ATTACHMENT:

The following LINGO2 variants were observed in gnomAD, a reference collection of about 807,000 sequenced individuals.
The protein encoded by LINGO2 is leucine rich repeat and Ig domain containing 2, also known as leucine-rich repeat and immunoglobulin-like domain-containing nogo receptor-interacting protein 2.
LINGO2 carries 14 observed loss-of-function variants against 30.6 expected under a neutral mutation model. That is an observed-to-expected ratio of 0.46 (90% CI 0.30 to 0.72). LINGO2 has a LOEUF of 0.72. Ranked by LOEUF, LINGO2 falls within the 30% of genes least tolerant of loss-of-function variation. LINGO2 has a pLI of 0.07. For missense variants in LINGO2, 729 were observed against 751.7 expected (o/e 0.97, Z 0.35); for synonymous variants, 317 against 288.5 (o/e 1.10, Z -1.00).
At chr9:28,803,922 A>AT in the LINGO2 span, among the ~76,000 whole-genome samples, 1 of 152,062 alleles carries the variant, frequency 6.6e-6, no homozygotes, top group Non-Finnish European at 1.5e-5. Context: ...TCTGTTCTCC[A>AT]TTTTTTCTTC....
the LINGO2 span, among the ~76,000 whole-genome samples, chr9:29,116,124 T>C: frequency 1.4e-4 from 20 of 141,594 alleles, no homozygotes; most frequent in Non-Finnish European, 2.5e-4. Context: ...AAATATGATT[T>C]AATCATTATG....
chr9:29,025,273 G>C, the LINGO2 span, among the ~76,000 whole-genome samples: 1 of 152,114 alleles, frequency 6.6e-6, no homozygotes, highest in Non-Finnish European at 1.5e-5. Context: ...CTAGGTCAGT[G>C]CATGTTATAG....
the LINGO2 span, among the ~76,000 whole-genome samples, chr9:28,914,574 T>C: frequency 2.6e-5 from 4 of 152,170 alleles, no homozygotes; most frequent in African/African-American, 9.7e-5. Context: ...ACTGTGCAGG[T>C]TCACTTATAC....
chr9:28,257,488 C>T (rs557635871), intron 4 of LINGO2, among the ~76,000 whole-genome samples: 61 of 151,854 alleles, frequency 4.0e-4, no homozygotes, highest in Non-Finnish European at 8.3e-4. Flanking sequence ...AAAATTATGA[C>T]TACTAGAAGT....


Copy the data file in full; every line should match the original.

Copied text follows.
The following LINGO2 variants were observed in gnomAD, a reference collection of about 807,000 sequenced individuals.
The protein encoded by LINGO2 is leucine rich repeat and Ig domain containing 2, also known as leucine-rich repeat and immunoglobulin-like domain-containing nogo receptor-interacting protein 2.
LINGO2 carries 14 observed loss-of-function variants against 30.6 expected under a neutral mutation model. That is an observed-to-expected ratio of 0.46 (90% CI 0.30 to 0.72). LINGO2 has a LOEUF of 0.72. Ranked by LOEUF, LINGO2 falls within the 30% of genes least tolerant of loss-of-function variation. LINGO2 has a pLI of 0.07. For missense variants in LINGO2, 729 were observed against 751.7 expected (o/e 0.97, Z 0.35); for synonymous variants, 317 against 288.5 (o/e 1.10, Z -1.00).
At chr9:28,803,922 A>AT in the LINGO2 span, among the ~76,000 whole-genome samples, 1 of 152,062 alleles carries the variant, frequency 6.6e-6, no homozygotes, top group Non-Finnish European at 1.5e-5. Context: ...TCTGTTCTCC[A>AT]TTTTTTCTTC....
the LINGO2 span, among the ~76,000 whole-genome samples, chr9:29,116,124 T>C: frequency 1.4e-4 from 20 of 141,594 alleles, no homozygotes; most frequent in Non-Finnish European, 2.5e-4. Context: ...AAATATGATT[T>C]AATCATTATG....
chr9:29,025,273 G>C, the LINGO2 span, among the ~76,000 whole-genome samples: 1 of 152,114 alleles, frequency 6.6e-6, no homozygotes, highest in Non-Finnish European at 1.5e-5. Context: ...CTAGGTCAGT[G>C]CATGTTATAG....
the LINGO2 span, among the ~76,000 whole-genome samples, chr9:28,914,574 T>C: frequency 2.6e-5 from 4 of 152,170 alleles, no homozygotes; most frequent in African/African-American, 9.7e-5. Context: ...ACTGTGCAGG[T>C]TCACTTATAC....
chr9:28,257,488 C>T (rs557635871), intron 4 of LINGO2, among the ~76,000 whole-genome samples: 61 of 151,854 alleles, frequency 4.0e-4, no homozygotes, highest in Non-Finnish European at 8.3e-4. Flanking sequence ...AAAATTATGA[C>T]TACTAGAAGT....